Save ink and paper with the Nuke Anything Firefox add-in

One of my favorite Firefox add-ins is Nuke Anything. I use it almost every time I print a web page.

I'm very stingy about installing Firefox extensions but one that made my short list is called Nuke Anything. Simply put, it lets you right click on something in a web page and remove it. I use it almost every time I print a web page to save on both ink and paper. Even web pages that aren't printer-friendly (and there are all too many of them) can be sculpted, if you will, reduce their paper and ink requirements.

Nuke Anything can remove both text and images. To remove text, first select it, then right click and chose the "Remove selection" option. To remove an image, as shown below, simply right click on it and select "Remove this object".


One small annoyance used to be that when you right clicked without first making a selection, you never knew exactly what was being removed. This was never fatal, there always was an "Undo last Remove" option (see above). A recent upgrade to the add-on introduced a brief blinking red outline around the section/object about to be removed. You can see this red border in the screen shot above.

Despite the name, Nuke Anything can not remove everything. Right clicking on a Flash movie for example, produces the Flash right click menu rather than that for Nuke Anything. Still, I find it invaluable. Perhaps you will too.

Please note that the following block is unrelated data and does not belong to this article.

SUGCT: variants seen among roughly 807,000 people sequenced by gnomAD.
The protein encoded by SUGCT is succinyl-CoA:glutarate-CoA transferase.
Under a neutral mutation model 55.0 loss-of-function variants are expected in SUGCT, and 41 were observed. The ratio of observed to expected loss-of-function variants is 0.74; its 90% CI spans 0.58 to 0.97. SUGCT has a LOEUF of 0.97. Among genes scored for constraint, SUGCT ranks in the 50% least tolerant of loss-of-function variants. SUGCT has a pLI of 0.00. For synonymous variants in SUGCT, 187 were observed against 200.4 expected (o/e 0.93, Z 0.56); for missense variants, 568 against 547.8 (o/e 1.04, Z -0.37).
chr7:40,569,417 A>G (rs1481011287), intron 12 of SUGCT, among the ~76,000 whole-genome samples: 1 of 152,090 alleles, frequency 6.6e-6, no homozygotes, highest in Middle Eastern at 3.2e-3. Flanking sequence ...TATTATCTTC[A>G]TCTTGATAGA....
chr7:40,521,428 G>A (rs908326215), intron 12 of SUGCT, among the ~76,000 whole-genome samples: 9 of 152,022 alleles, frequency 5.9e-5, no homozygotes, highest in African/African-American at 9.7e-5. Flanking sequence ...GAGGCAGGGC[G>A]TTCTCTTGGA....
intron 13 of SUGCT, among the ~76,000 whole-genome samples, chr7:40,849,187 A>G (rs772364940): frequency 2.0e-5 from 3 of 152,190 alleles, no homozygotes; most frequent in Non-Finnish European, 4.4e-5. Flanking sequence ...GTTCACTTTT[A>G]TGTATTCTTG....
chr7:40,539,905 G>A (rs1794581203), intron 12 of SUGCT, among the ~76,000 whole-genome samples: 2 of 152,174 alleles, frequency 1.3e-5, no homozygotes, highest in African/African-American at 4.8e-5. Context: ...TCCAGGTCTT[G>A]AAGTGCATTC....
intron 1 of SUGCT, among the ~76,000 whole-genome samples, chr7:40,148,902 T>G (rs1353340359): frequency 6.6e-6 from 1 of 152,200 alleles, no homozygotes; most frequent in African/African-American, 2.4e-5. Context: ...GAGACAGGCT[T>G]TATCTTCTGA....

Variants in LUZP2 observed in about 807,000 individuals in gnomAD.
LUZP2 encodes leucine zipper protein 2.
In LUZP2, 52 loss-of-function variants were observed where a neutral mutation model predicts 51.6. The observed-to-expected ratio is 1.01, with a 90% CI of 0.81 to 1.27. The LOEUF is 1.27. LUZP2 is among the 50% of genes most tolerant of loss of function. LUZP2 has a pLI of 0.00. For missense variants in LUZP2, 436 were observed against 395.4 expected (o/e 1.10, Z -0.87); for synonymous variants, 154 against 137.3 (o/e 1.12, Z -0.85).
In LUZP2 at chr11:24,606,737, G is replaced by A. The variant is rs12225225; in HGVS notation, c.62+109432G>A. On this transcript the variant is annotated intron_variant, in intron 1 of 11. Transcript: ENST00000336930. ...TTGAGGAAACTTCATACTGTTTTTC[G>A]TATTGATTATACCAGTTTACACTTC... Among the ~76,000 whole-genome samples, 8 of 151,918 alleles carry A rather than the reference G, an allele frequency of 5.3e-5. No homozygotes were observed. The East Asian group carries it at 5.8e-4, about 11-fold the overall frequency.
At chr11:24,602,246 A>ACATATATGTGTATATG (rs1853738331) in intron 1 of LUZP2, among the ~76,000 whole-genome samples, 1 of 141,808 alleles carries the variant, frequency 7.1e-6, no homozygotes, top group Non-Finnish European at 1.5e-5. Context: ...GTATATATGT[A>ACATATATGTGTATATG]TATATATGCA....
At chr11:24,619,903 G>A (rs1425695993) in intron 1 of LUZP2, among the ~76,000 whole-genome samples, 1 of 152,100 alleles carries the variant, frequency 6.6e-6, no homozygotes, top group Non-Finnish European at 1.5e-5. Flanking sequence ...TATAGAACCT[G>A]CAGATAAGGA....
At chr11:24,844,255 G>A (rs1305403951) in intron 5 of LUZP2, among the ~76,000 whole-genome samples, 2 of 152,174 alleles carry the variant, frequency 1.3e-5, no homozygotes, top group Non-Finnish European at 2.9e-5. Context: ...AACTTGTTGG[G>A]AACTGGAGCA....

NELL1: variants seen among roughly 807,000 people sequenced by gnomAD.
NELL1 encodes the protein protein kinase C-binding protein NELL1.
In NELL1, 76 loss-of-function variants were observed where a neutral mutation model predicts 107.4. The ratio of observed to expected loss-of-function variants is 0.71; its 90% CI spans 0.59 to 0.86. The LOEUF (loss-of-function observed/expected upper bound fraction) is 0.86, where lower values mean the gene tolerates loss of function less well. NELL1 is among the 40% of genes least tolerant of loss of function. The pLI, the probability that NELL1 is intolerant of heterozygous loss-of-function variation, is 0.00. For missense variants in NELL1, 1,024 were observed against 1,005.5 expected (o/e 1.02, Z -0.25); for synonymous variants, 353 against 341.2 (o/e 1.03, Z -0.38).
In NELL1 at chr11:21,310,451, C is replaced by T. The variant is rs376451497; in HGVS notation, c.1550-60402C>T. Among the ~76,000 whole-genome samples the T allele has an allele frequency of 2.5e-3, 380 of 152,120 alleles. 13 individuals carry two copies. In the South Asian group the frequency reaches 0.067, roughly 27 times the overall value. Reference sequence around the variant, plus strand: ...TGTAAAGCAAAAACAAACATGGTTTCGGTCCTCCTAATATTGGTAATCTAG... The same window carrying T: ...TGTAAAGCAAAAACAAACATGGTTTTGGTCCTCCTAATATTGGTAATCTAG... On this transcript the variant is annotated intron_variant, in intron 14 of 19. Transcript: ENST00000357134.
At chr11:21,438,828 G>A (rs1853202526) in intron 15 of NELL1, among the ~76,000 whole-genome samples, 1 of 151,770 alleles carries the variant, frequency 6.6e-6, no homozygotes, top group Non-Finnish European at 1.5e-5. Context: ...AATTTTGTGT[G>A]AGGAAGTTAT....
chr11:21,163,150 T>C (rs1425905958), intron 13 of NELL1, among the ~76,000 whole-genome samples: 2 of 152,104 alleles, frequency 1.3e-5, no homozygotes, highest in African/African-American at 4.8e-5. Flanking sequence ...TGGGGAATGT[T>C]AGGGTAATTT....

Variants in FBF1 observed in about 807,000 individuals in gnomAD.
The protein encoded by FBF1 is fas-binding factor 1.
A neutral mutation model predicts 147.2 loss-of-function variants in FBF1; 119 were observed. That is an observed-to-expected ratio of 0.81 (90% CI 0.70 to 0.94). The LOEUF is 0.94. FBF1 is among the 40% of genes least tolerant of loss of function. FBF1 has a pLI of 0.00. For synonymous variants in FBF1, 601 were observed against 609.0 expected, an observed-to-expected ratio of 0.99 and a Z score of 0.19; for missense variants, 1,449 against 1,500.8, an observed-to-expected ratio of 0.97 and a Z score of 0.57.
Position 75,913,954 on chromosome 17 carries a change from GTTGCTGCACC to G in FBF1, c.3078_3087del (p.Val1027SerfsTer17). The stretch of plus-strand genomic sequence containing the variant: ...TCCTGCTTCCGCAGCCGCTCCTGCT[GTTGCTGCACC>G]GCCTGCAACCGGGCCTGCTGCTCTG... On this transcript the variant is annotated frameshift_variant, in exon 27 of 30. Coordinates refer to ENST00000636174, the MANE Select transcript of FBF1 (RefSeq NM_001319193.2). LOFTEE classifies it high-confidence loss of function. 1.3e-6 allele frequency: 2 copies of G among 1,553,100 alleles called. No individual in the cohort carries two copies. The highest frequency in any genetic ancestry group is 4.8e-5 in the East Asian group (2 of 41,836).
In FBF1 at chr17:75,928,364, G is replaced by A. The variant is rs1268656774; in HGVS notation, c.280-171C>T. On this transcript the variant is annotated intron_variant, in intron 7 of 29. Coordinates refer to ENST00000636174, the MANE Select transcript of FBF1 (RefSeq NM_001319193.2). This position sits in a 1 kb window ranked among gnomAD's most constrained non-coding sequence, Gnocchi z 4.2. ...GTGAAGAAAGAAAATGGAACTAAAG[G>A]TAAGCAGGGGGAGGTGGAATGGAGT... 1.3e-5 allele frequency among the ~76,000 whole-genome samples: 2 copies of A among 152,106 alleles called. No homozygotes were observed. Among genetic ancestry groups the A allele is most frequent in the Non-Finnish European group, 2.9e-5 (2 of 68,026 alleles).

See a summary of all my Defensive Computing postings.

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About the author

    Michael Horowitz wrote his first computer program in 1973 and has been a computer nerd ever since. He spent more than 20 years working in an IBM mainframe (MVS) environment. He has worked in the research and development group of a large Wall Street financial company, and has been a technical writer for a mainframe software company.

    He teaches a large range of self-developed classes, the underlying theme being Defensive Computing. Michael is an independent computer consultant, working with small businesses and the self-employed. He can be heard weekly on The Personal Computer Show on WBAI.

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